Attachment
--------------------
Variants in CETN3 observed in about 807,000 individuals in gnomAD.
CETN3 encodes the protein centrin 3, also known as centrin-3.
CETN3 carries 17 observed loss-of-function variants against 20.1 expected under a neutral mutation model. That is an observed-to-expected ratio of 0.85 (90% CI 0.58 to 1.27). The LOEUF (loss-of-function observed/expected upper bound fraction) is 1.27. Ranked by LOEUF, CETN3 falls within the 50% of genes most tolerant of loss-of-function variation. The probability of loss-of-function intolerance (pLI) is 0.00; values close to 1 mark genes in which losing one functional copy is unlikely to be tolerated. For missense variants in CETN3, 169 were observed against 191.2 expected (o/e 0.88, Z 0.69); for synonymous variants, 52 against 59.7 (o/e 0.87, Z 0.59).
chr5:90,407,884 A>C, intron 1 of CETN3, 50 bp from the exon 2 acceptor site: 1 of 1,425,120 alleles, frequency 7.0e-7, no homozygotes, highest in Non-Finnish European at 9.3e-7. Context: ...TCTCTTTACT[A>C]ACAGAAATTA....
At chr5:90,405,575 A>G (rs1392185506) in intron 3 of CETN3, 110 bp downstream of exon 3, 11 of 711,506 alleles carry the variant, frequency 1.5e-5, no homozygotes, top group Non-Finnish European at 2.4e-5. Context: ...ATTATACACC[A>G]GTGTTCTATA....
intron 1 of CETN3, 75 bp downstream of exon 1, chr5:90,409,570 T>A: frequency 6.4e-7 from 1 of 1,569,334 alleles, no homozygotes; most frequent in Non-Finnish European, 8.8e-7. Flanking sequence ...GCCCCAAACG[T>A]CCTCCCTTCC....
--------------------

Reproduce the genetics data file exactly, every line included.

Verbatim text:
Variants in CETN3 observed in about 807,000 individuals in gnomAD.
CETN3 encodes the protein centrin 3, also known as centrin-3.
CETN3 carries 17 observed loss-of-function variants against 20.1 expected under a neutral mutation model. That is an observed-to-expected ratio of 0.85 (90% CI 0.58 to 1.27). The LOEUF (loss-of-function observed/expected upper bound fraction) is 1.27. Ranked by LOEUF, CETN3 falls within the 50% of genes most tolerant of loss-of-function variation. The probability of loss-of-function intolerance (pLI) is 0.00; values close to 1 mark genes in which losing one functional copy is unlikely to be tolerated. For missense variants in CETN3, 169 were observed against 191.2 expected (o/e 0.88, Z 0.69); for synonymous variants, 52 against 59.7 (o/e 0.87, Z 0.59).
chr5:90,407,884 A>C, intron 1 of CETN3, 50 bp from the exon 2 acceptor site: 1 of 1,425,120 alleles, frequency 7.0e-7, no homozygotes, highest in Non-Finnish European at 9.3e-7. Context: ...TCTCTTTACT[A>C]ACAGAAATTA....
At chr5:90,405,575 A>G (rs1392185506) in intron 3 of CETN3, 110 bp downstream of exon 3, 11 of 711,506 alleles carry the variant, frequency 1.5e-5, no homozygotes, top group Non-Finnish European at 2.4e-5. Context: ...ATTATACACC[A>G]GTGTTCTATA....
intron 1 of CETN3, 75 bp downstream of exon 1, chr5:90,409,570 T>A: frequency 6.4e-7 from 1 of 1,569,334 alleles, no homozygotes; most frequent in Non-Finnish European, 8.8e-7. Flanking sequence ...GCCCCAAACG[T>A]CCTCCCTTCC....